Bryan Brinkman tweet: Example of use of the term alpha

In his tweet, Bryan Brinkman uses the term "alpha" to grab attention and highlight his strongly held belief.

The point here is that alpha, at the very least, should be some valuable information to your audience.

What are Alpha Groups?

Between Twitter, Discord, YouTube, in-real-life events and much more - information overload is a part of being in the NFT space.

To deal with this overwhelming amount of information, people have been forming "alpha groups".

An alpha group is a group of people that help each other gather information on NFT projects, find and keep track of whitelist opportunities, and, in general, keep up with what is happening in the market. These groups typically communicate with each other via Discord and Twitter.  The general aim of these groups is to maximize profits.

Some of these groups are more of an informal group of friends whereas others are more formally organized with paid memberships (usually through the purchase of an NFT).

Note: Beware of scammers luring you into alpha groups with the promises of riches.  Always do your own research.

There are even alpha groups that have longer term aims and are organized more like high-end professional networking groups.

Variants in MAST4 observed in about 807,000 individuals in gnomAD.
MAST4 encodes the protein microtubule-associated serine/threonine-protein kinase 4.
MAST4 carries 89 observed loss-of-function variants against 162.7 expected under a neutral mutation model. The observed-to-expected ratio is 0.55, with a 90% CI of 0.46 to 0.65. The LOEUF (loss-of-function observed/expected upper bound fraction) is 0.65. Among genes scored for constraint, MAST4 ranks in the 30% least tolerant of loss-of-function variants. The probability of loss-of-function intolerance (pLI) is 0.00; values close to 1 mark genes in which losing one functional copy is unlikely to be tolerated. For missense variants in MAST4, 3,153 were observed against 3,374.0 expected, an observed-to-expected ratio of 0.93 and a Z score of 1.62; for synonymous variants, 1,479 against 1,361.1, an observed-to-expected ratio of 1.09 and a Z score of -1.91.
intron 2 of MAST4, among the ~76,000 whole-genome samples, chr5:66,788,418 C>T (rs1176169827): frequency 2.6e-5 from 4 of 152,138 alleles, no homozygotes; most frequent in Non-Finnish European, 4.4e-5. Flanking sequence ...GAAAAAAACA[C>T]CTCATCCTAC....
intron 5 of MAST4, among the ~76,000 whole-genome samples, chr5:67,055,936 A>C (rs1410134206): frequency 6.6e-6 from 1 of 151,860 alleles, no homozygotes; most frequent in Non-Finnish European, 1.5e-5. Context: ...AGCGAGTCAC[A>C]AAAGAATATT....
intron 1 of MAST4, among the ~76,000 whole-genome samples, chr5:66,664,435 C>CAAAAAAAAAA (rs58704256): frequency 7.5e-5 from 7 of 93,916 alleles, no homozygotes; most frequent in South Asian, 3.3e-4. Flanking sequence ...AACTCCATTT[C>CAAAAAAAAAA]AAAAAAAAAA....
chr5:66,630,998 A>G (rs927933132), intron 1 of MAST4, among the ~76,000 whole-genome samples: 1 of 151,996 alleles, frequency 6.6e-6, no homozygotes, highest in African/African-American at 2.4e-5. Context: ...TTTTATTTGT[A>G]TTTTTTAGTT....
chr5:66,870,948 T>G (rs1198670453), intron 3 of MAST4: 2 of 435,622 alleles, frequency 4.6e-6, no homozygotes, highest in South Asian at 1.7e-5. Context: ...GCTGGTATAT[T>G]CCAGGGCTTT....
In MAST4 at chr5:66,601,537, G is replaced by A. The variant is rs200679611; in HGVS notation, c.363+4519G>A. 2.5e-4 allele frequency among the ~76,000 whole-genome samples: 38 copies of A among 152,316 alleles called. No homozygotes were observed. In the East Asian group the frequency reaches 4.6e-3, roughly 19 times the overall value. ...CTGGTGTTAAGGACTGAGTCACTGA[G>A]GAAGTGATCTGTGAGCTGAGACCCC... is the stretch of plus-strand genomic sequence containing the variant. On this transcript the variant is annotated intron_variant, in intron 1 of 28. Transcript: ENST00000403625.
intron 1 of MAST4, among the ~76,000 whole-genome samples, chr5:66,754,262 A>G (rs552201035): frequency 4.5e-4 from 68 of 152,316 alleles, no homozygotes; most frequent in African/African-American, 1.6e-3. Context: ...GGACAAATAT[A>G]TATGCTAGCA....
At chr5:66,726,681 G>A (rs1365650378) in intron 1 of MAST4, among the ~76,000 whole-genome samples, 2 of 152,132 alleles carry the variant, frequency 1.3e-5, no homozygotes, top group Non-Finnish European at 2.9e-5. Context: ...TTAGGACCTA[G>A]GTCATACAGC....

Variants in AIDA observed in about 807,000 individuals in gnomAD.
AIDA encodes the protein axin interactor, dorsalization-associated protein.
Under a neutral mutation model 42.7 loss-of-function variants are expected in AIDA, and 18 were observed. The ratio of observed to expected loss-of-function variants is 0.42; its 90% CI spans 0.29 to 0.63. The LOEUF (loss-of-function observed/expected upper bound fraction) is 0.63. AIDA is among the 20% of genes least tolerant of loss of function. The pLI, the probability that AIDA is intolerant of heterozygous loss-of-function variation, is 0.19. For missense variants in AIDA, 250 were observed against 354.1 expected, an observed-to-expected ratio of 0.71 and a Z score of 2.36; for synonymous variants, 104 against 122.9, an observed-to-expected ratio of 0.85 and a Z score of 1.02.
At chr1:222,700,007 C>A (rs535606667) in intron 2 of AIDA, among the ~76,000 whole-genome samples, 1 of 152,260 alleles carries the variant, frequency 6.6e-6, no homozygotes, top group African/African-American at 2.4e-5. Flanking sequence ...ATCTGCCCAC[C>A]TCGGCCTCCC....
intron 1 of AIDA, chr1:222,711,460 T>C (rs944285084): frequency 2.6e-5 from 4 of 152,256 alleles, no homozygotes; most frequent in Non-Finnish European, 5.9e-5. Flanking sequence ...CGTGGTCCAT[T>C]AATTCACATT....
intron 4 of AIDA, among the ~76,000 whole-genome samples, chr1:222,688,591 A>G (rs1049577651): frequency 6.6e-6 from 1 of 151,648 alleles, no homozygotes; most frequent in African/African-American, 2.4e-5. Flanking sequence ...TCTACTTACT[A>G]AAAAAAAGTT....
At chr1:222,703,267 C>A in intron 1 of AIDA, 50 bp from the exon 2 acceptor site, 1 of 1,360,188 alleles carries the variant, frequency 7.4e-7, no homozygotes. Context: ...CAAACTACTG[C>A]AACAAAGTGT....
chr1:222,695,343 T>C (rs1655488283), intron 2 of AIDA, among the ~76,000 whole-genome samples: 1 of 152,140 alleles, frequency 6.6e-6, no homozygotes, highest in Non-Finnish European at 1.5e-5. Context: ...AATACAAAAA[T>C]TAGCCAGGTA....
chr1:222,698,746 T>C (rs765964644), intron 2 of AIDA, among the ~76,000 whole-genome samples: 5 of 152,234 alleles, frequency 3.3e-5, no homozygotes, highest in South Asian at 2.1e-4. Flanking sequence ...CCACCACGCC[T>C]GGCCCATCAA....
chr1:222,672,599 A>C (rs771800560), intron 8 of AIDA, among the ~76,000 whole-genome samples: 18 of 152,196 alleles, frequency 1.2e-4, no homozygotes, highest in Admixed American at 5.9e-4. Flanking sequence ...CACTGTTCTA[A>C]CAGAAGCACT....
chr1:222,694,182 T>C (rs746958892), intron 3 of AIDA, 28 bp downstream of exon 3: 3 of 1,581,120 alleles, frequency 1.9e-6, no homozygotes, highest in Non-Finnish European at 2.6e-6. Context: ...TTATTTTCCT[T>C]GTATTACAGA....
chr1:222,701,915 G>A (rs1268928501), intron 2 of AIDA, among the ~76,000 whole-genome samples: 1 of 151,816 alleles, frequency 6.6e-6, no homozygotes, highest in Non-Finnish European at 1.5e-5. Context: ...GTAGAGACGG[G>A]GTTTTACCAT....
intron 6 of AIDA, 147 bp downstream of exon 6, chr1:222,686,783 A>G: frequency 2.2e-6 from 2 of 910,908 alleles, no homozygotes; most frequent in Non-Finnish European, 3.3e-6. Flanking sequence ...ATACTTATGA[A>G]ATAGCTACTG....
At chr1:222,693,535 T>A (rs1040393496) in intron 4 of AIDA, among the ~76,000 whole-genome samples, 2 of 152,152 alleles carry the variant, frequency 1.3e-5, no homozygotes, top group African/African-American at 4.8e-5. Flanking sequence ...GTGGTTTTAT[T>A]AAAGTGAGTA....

For example, Proof Collective is an alpha group that was started by Kevin Rose, a long-time Silicon Valley entrepreneur and investor (as well as a regular guest on the Tim Ferriss podcast).  

Early on, the group provided things like lengthy and well researched reports on what they considered to be the best NFT projects.  

The group has since evolved into developing and building their own projects, including a PFP project called Moonbirds.

The original mint price for a Proof membership was 5 ETH.  At the time of writing (April 2022), the floor price for a Proof membership is 89 ETH!

Alpha Groups and DAOs

Some groups take things a step further by starting their own investment DAOs, which is a way for these groups to collectively invest in higher-priced projects that they might not be able to afford as individual investors.

Final Thoughts

The fact that "alpha" is such a commonly term used in the NFT world says something about this space -

It suggests that information is key in this market where certain insiders (or those that can get information from these insiders) have a major advantage over the average participant.

That’s not to say that everything is wrong about this relentless pursuit of alpha.

The alpha traders have brought liquidity and interest into this nascent space; it’s changed the lives of artists and creators in ways that may have been unimaginable just a year or two ago.

Getting alpha also requires you to listen and learn, which is one of the most important things we all should be doing in this space.

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About the Author
Ed is NFTska’s lead Editor and Author based in the Los Angeles area.  He fell deep down the crypto rabbit hole starting in 2017.  Ed actively participates in and follows the fast changing NFT scene. Learn more about Ed.